Second, Judge Tsaban did not suggest that the law in question could not be enforced because it has its source in traditional Jewish religious practice. She did not follow the path of Justice Barak in the Mealreal case, in which he struck down a 50-year-old administrative ban on the import of non-kosher meat on the grounds that Israel is not a "theocracy."

In Barak's eyes, any law that has an obvious source in religious practice is inherently suspect, even if enacted by a democratically elected, secular Knesset. Banning the sale of whale meat on ecological grounds is permissible; banning the sale of pork out of respect to Jewish tradition is not.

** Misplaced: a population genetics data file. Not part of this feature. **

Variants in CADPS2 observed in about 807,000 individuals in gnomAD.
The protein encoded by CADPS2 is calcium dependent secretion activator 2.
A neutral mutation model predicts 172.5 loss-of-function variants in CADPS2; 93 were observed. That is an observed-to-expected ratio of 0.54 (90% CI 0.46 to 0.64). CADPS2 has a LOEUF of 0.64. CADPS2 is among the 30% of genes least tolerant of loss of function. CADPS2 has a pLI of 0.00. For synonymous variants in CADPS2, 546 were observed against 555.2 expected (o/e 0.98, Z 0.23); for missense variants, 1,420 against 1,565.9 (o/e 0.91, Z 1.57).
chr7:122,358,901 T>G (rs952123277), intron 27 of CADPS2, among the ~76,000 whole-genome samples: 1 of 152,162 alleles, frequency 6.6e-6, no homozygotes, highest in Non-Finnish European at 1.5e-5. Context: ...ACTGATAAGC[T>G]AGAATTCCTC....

Finally, she did not seek to uproot the legislative intent root and branch, as the Supreme Court did when it allowed Kibbutz Mizra to restyle itself as an agricultural research institute, and under that guise to continue the commercial production and sale of pork products, thereby circumventing a Knesset statute against raising pigs.

By leaving the door open for the Knesset to amend the "Leaven Law" by simply erasing a single word, or by substituting the words "in a public place (b'makom tziburi)" for the word "in public," Judge Tsaban pointed the way for the Knesset to reinforce Jewish identity in Israel.

Some might argue that such symbolic statements have no impact. My own life, however, gives me a different perspective.